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Gift spotlights a rare and deadly cancer

Betti Boers Maloney cherished time with her family, especially her three grandchildren. (Photo courtesy of Tom Maloney) No one was more stunned than Tom Maloney when his wife was diagnosed with appendix cancer nearly three years ago. Betti Boers Maloney had always been fit, active, and health-conscious. At 60, after raising four children (a blended family, formed when the couple married in 1984) and working as the office manager for her husband’s medical device materials business, she looked like the picture of health. She tended a garden, decorated her home, and read everything she could on nutrition and fitness.

But a few days after Christmas in 2010, she felt an intense pain in her abdominal area that sent her to the doctor. A CT scan found a mass, and a few weeks later doctors at the University of Minnesota scheduled her for surgery to address what they assumed was colon cancer.

That diagnosis quickly changed, however: Betti Boers Maloney had appendix cancer — a rare cancer that, in this case, was particularly virulent and aggressive. “She was a very strong-willed person, and she was bound and determined to do what she would have to do to survive this thing,” Tom Maloney recalls. But nothing seemed capable of stopping the cancer. On September 2, 2011 — just nine months after her initial complaint of abdominal pain — Betti Boers Maloney passed away.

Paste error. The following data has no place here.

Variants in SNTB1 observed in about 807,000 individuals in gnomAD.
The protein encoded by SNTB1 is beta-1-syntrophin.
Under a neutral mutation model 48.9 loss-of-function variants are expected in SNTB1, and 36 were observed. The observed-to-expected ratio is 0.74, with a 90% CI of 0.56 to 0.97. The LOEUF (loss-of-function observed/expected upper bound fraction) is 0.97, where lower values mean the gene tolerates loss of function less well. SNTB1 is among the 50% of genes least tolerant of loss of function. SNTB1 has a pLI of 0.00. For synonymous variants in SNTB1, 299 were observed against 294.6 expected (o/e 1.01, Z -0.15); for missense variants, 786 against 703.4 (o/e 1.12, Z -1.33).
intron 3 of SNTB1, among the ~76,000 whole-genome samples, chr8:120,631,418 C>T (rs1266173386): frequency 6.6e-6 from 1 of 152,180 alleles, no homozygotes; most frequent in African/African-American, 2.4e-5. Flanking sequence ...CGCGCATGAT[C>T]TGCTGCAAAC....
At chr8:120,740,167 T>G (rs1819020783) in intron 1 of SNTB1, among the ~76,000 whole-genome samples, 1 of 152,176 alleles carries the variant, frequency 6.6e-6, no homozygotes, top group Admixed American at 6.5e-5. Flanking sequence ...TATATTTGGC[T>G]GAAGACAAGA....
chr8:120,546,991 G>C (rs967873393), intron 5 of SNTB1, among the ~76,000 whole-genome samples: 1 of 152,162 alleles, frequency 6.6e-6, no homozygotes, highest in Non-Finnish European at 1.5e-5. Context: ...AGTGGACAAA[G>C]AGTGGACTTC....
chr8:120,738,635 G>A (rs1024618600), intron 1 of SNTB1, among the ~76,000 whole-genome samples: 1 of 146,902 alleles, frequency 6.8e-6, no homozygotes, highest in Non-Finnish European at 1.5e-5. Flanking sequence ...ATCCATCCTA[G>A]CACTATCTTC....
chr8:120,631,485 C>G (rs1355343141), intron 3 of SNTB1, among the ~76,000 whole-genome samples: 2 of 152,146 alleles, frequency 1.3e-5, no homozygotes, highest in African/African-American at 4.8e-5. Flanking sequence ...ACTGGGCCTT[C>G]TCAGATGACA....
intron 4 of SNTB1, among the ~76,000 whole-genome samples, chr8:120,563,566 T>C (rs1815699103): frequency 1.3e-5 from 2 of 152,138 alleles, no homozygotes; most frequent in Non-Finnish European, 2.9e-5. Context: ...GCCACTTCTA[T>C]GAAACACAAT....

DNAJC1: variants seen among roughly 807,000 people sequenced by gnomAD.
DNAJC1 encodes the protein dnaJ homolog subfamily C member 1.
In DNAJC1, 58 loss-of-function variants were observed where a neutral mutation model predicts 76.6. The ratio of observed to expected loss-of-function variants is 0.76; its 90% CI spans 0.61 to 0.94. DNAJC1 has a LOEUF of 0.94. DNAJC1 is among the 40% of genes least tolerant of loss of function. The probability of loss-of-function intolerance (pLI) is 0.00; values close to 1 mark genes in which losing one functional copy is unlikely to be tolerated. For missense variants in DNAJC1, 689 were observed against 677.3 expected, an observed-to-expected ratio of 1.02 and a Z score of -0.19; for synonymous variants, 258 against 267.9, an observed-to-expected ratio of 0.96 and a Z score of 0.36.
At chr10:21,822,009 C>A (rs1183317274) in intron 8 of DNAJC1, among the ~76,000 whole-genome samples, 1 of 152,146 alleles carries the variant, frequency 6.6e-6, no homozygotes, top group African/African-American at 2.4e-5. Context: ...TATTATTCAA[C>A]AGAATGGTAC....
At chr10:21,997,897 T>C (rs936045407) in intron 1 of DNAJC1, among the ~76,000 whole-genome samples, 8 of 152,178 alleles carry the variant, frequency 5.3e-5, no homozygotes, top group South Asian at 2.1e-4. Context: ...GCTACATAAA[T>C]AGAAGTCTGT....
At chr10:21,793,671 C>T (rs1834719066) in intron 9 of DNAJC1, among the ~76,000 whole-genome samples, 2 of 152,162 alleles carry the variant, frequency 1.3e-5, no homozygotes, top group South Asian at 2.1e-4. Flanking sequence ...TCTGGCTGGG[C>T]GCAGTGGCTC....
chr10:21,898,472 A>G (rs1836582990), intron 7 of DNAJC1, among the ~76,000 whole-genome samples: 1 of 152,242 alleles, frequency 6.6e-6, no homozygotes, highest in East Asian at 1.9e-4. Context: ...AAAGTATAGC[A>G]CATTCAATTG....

Despite his grief, Tom Maloney was impressed with the care his wife received from U of M professionals, including Todd Tuttle, M.D., chief of surgical oncology. “Todd always made us both feel very good. Our best days were days when we could get to the University and [he would] have an explanation for this or that.”

But answers weren’t always readily available. Appendix cancer affects fewer than 1,000 Americans every year. It’s often misdiagnosed as ovarian or colon cancer. What’s more, while treatments exist, little is known about its causes.

“There simply hasn’t been much research on the risk factors for appendix cancer — clues that might lead to earlier diagnosis,” Tuttle says.

So when Maloney told Tuttle that he wanted to make a gift that might help other families avoid the pain and agony that he and his wife had endured, Tuttle suggested supporting research into the causes of appendix cancer. Maloney agreed, establishing the Betti Boers Maloney Appendix Cancer Research Fund.

Wasting no time, Tuttle joined forces with fellow Masonic Cancer Center member Beth Virnig, Ph.D., associate dean for research at the School of Public Health, to launch research into the roots of this little-understood disease.

“The U is using funds to ask probing questions and analyze existing data,” says Maloney. “Is there some pattern to cases? Is there some reason why appendix cancer seems to be on the rise? Initially, I wanted to find a cure, but now I’ve become more realistic. I’m more interested in what causes the cancer to begin with,” he says.

“It’s sometimes a process, rather than a quick answer,” Virnig concurs. “Now we have more questions, the kind of questions that we didn’t even know we’d be asking until this research was done. What Tom really gave us was the time to play detective and to uncover the data that will lead to answers.”

By Joel Hoekstra

To learn more about appendix cancer research at the Masonic Cancer Center, contact Kathy Beenen at or 612-625-6495. To make a gift, visit

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